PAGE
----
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    Categories: Washington

Real Life R2D2 Comes to Life in Washington

If you don’t like Star Wars, it’s best to save yourself the trouble and stop reading right now.

Now, if you love the Star Wars franchise, keep reading and have your hearts melted.

(Image Credit: Star Wars)

I’m a Star Wars nerd, I can admit it. I have no shame when it comes to being able to quote most of The Empire Strikes Back or knowing that the term “ewoks” is never actually mentioned in Return of the Jedi.

When my friend and colleague, Mike Martin, posted a project on Facebook that took him and his friend, Ian, 13 months and $3,500 dollars to complete – I may or may not have gotten teary-eyed. Every Star Wars fan dream come true now resides in Mike’s house. A real life, built-to-scale, R2D2.

(Photo Credit: Mike Martin)

I had to ask Mike about this adventure of his.

Star Wars stands out as a time when everything was normal and right in my world.

“I’ve always been an avid Star Wars fan. I remember watching “A New Hope” in the movie theater as a nine year old kid. My father passed away two years later, so Star Wars stands out as a time when everything was normal and right in my world. R2D2 is an iconic and immediately recognizable character from the Star Wars universe, and my friend Ian and I thought it would be cool to build one. Basically, this was a case of Star Wars nerds with too much time and too much money on their hands.

R2 started out as a 4’ x 8’ sheet of Baltic Birch Plywood that we had cut into 2’ x 2’ sections. My friend Ian owns a CNC machine and 3D-Printer, so utilizing the files from Astromech.net,  we were able to cut out the frame and legs. Astromech.net is a world wide forum for droid builders and had all the CNC files, and 3D printer files we needed.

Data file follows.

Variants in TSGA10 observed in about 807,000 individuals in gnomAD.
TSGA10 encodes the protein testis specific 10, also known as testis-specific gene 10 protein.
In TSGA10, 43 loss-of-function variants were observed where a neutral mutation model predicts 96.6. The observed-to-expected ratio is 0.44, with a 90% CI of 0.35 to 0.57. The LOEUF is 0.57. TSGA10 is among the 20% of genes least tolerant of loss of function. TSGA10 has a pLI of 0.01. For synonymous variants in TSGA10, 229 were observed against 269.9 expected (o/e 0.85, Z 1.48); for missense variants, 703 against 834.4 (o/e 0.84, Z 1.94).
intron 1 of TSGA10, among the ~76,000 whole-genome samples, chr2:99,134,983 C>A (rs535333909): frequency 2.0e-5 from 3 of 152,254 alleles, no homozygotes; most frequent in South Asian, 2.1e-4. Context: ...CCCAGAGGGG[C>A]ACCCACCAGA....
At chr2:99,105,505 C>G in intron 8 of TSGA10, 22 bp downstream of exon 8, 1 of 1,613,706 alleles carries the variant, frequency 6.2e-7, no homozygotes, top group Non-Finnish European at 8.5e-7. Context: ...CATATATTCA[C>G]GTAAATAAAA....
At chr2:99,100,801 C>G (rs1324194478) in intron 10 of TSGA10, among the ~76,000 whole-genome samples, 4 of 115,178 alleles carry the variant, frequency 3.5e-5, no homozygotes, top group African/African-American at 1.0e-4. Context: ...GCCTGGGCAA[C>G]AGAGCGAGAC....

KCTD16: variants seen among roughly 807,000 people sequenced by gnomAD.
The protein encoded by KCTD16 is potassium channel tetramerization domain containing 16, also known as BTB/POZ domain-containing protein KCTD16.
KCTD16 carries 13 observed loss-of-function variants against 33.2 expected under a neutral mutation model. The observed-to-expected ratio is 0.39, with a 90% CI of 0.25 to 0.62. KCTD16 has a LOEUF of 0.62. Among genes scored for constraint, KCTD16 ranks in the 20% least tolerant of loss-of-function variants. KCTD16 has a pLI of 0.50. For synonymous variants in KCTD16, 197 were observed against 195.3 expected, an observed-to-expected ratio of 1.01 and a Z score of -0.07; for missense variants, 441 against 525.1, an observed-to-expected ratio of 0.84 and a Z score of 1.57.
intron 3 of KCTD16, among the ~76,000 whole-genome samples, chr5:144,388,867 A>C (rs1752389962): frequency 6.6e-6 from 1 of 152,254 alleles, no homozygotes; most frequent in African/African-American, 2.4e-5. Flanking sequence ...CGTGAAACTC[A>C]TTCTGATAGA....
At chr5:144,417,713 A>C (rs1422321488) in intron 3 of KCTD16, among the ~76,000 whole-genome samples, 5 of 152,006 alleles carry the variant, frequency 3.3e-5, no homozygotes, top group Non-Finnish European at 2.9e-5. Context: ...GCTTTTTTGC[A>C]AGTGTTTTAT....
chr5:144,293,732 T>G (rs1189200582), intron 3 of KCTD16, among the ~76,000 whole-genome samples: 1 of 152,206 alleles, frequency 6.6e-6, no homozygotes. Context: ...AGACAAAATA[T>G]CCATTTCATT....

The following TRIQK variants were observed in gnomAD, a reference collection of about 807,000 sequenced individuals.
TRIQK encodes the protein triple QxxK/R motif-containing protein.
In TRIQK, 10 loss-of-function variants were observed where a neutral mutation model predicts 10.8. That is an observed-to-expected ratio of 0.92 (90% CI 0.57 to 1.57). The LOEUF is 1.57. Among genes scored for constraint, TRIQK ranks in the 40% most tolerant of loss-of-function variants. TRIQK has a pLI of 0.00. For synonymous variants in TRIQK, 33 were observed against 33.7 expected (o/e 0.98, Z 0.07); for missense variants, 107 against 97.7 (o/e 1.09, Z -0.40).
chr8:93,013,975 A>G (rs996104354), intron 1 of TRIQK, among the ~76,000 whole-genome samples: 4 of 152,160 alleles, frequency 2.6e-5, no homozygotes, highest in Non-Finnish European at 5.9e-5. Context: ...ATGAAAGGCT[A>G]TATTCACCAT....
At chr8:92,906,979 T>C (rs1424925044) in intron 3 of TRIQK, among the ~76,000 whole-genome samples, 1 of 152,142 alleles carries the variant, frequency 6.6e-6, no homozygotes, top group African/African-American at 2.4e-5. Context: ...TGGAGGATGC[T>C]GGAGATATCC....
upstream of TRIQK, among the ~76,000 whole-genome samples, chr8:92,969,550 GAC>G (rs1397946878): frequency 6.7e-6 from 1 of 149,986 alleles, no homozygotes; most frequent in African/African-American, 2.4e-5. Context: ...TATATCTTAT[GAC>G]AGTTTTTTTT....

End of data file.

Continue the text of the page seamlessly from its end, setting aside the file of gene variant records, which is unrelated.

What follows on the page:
(Photo Credit: Mike Martin)
(Photo Credit: Mike Martin)
(Photo Credit: Mike Martin)

On the forums, builders sell different items. We decided, for the ultimate droid, we needed an aluminum dome and aluminum skins. Kids love to touch R2, and aluminum gives it that sense of realism.

After he was completed, we started taking him to a lot of Maker’s Fairs in the area, trying to raise interest in STEM.  It’s been cool to see the kids tell their parents they want to build their own R2 too!

(Photo Credit: Mike Martin)

R2 is composed of the following:

  • Wood frame and legs
  • Aluminum skin and dome
  • 3D and resin cast parts
  • 24-volt battery
  • Arduino computer

Nothing makes a sick child forget their problems more than R2D2.

So why did we do it? My wife, Debbie, and I were sitting around the dinner one night, soon after our son, Gregory, joined the Army. Debbie talked about how she wanted to get involved with a charity, to give something back to the world.  R2 gives us both the chance to raise money for charity. We’ve worked a lot with Seattle Children’s Hospital, and other organizations and nothing makes a sick child forget their problems more than R2D2. Honestly, Debbie and I have sat in the car after an event and bawled our eyes out.”

(Photo Credit: Mike Martin)

I am so proud to know people like Mike and Debbie (and through them, Ian). Their real-life R2D2 is going to inspire so many kids to look into pursuing a STEM career, and will also bring some comfort to kids who are battling for their lives each and every day.

 

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